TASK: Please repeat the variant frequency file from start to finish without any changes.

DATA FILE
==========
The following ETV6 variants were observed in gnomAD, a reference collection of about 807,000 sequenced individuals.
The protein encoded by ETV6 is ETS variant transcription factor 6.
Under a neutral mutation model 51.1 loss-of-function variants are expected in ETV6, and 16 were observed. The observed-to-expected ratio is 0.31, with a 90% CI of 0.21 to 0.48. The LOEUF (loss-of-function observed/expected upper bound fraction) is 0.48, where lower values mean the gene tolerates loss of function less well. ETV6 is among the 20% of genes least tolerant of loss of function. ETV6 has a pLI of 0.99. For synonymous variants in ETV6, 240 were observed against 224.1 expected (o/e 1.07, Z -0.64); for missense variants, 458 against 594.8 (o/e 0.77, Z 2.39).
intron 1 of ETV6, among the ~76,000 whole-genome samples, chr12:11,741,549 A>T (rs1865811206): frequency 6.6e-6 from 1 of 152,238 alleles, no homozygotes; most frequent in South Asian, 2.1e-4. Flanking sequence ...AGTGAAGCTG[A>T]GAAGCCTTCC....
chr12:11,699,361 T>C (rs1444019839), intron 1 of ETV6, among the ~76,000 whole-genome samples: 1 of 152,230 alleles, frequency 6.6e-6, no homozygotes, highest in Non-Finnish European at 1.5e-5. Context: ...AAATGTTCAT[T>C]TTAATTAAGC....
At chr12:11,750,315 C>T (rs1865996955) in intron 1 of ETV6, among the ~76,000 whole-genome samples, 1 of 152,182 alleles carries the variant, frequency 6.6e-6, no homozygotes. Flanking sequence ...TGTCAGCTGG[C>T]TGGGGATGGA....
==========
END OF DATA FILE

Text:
The following ETV6 variants were observed in gnomAD, a reference collection of about 807,000 sequenced individuals.
The protein encoded by ETV6 is ETS variant transcription factor 6.
Under a neutral mutation model 51.1 loss-of-function variants are expected in ETV6, and 16 were observed. The observed-to-expected ratio is 0.31, with a 90% CI of 0.21 to 0.48. The LOEUF (loss-of-function observed/expected upper bound fraction) is 0.48, where lower values mean the gene tolerates loss of function less well. ETV6 is among the 20% of genes least tolerant of loss of function. ETV6 has a pLI of 0.99. For synonymous variants in ETV6, 240 were observed against 224.1 expected (o/e 1.07, Z -0.64); for missense variants, 458 against 594.8 (o/e 0.77, Z 2.39).
intron 1 of ETV6, among the ~76,000 whole-genome samples, chr12:11,741,549 A>T (rs1865811206): frequency 6.6e-6 from 1 of 152,238 alleles, no homozygotes; most frequent in South Asian, 2.1e-4. Flanking sequence ...AGTGAAGCTG[A>T]GAAGCCTTCC....
chr12:11,699,361 T>C (rs1444019839), intron 1 of ETV6, among the ~76,000 whole-genome samples: 1 of 152,230 alleles, frequency 6.6e-6, no homozygotes, highest in Non-Finnish European at 1.5e-5. Context: ...AAATGTTCAT[T>C]TTAATTAAGC....
At chr12:11,750,315 C>T (rs1865996955) in intron 1 of ETV6, among the ~76,000 whole-genome samples, 1 of 152,182 alleles carries the variant, frequency 6.6e-6, no homozygotes. Flanking sequence ...TGTCAGCTGG[C>T]TGGGGATGGA....